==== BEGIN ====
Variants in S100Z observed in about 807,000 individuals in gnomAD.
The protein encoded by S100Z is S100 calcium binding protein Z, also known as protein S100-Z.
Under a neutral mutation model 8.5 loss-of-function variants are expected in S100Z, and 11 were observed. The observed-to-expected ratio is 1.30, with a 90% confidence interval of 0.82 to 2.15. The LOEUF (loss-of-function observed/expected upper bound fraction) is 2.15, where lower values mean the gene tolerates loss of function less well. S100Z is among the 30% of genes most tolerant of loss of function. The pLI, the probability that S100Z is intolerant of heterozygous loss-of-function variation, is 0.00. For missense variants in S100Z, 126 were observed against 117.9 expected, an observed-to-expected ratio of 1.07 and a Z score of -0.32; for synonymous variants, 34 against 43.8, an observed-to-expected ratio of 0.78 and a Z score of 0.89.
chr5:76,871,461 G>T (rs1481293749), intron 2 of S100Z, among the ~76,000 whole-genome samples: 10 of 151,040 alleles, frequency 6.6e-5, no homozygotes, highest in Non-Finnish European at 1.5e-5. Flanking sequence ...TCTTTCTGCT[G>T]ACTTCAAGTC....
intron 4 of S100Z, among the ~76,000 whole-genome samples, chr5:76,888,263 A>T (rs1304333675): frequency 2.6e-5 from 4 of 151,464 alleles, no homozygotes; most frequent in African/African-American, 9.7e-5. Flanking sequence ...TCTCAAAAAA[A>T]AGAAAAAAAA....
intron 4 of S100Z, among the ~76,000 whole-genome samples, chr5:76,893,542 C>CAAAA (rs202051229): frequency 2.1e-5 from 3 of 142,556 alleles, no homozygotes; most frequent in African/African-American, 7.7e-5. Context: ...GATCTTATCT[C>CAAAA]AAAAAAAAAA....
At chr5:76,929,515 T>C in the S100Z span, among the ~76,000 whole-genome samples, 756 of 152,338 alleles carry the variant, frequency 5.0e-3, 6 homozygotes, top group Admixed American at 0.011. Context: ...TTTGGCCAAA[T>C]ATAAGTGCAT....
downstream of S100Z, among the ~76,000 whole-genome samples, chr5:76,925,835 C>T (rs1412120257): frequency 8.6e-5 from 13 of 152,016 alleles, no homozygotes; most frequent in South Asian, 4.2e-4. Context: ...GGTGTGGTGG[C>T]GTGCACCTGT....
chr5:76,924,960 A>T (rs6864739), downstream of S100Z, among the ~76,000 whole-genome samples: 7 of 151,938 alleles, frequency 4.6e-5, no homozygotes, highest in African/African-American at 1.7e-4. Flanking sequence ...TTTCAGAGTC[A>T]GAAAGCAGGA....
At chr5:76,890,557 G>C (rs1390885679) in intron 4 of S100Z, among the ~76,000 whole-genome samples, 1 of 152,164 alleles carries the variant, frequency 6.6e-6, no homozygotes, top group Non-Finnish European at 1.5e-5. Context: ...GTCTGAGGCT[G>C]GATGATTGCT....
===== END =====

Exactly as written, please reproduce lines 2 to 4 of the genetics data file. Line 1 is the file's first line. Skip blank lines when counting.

The protein encoded by S100Z is S100 calcium binding protein Z, also known as protein S100-Z.
Under a neutral mutation model 8.5 loss-of-function variants are expected in S100Z, and 11 were observed. The observed-to-expected ratio is 1.30, with a 90% confidence interval of 0.82 to 2.15. The LOEUF (loss-of-function observed/expected upper bound fraction) is 2.15, where lower values mean the gene tolerates loss of function less well. S100Z is among the 30% of genes most tolerant of loss of function. The pLI, the probability that S100Z is intolerant of heterozygous loss-of-function variation, is 0.00. For missense variants in S100Z, 126 were observed against 117.9 expected, an observed-to-expected ratio of 1.07 and a Z score of -0.32; for synonymous variants, 34 against 43.8, an observed-to-expected ratio of 0.78 and a Z score of 0.89.
chr5:76,871,461 G>T (rs1481293749), intron 2 of S100Z, among the ~76,000 whole-genome samples: 10 of 151,040 alleles, frequency 6.6e-5, no homozygotes, highest in Non-Finnish European at 1.5e-5. Flanking sequence ...TCTTTCTGCT[G>T]ACTTCAAGTC....